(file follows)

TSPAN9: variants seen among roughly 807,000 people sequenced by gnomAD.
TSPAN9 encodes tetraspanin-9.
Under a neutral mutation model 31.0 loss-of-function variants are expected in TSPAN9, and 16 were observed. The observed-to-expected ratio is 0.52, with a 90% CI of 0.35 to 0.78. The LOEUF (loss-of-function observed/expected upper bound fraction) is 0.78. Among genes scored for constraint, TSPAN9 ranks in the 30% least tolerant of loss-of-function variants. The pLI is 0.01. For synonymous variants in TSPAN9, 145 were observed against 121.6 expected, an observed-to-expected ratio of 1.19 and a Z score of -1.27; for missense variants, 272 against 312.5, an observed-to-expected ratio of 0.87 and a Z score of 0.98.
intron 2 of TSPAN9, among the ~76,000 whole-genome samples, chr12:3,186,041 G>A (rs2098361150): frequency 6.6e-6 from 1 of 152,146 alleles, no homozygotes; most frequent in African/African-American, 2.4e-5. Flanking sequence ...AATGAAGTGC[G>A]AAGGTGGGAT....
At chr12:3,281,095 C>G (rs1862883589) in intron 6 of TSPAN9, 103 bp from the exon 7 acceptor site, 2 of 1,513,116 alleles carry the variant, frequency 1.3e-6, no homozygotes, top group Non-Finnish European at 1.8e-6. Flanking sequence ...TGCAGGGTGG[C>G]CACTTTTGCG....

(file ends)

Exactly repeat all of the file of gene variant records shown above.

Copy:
TSPAN9: variants seen among roughly 807,000 people sequenced by gnomAD.
TSPAN9 encodes tetraspanin-9.
Under a neutral mutation model 31.0 loss-of-function variants are expected in TSPAN9, and 16 were observed. The observed-to-expected ratio is 0.52, with a 90% CI of 0.35 to 0.78. The LOEUF (loss-of-function observed/expected upper bound fraction) is 0.78. Among genes scored for constraint, TSPAN9 ranks in the 30% least tolerant of loss-of-function variants. The pLI is 0.01. For synonymous variants in TSPAN9, 145 were observed against 121.6 expected, an observed-to-expected ratio of 1.19 and a Z score of -1.27; for missense variants, 272 against 312.5, an observed-to-expected ratio of 0.87 and a Z score of 0.98.
intron 2 of TSPAN9, among the ~76,000 whole-genome samples, chr12:3,186,041 G>A (rs2098361150): frequency 6.6e-6 from 1 of 152,146 alleles, no homozygotes; most frequent in African/African-American, 2.4e-5. Flanking sequence ...AATGAAGTGC[G>A]AAGGTGGGAT....
At chr12:3,281,095 C>G (rs1862883589) in intron 6 of TSPAN9, 103 bp from the exon 7 acceptor site, 2 of 1,513,116 alleles carry the variant, frequency 1.3e-6, no homozygotes, top group Non-Finnish European at 1.8e-6. Flanking sequence ...TGCAGGGTGG[C>G]CACTTTTGCG....